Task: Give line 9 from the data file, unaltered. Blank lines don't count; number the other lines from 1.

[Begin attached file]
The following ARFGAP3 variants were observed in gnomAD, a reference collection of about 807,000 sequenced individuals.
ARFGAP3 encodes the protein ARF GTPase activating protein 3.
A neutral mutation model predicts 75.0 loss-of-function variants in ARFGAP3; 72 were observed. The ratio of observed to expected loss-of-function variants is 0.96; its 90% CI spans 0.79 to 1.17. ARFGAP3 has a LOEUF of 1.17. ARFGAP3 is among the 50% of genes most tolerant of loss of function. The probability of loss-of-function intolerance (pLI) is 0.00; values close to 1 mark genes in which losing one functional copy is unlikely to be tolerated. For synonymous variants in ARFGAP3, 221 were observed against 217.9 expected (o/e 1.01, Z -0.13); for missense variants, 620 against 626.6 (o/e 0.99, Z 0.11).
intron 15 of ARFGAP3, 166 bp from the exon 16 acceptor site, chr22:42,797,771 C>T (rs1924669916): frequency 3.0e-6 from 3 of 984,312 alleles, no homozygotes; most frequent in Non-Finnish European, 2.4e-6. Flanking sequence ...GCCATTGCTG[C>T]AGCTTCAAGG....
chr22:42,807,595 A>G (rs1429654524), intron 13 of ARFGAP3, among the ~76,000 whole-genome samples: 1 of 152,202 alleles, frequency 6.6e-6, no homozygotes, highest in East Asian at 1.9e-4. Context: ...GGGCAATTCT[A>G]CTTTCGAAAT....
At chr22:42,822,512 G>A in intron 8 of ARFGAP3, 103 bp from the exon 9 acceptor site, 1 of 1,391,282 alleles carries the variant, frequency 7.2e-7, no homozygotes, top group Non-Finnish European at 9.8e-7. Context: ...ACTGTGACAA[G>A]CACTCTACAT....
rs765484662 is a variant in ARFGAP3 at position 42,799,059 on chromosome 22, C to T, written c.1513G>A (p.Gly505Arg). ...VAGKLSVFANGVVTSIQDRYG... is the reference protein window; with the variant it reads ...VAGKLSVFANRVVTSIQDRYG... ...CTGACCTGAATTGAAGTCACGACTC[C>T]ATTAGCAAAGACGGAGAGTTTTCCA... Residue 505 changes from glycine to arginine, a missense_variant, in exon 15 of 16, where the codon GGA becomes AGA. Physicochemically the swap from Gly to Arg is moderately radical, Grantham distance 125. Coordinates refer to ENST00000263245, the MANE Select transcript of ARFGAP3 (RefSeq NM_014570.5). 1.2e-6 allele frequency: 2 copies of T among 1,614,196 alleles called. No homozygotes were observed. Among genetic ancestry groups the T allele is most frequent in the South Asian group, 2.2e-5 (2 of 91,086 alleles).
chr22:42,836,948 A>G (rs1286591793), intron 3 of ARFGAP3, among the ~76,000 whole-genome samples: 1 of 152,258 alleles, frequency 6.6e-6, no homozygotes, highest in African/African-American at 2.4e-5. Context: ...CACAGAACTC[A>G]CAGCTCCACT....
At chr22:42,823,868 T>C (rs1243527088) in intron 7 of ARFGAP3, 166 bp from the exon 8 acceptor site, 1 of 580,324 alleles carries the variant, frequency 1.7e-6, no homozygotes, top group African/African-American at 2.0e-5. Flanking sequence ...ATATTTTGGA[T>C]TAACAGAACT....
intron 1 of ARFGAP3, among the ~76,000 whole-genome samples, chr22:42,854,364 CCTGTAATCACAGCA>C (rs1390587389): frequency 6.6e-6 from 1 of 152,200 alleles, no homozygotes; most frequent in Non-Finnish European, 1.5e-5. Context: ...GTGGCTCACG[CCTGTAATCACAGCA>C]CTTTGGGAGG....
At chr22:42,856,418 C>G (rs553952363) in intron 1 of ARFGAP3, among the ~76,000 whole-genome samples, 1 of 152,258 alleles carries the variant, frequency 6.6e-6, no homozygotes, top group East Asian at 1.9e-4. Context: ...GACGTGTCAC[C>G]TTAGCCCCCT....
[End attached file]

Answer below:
At chr22:42,823,868 T>C (rs1243527088) in intron 7 of ARFGAP3, 166 bp from the exon 8 acceptor site, 1 of 580,324 alleles carries the variant, frequency 1.7e-6, no homozygotes, top group African/African-American at 2.0e-5. Flanking sequence ...ATATTTTGGA[T>C]TAACAGAACT....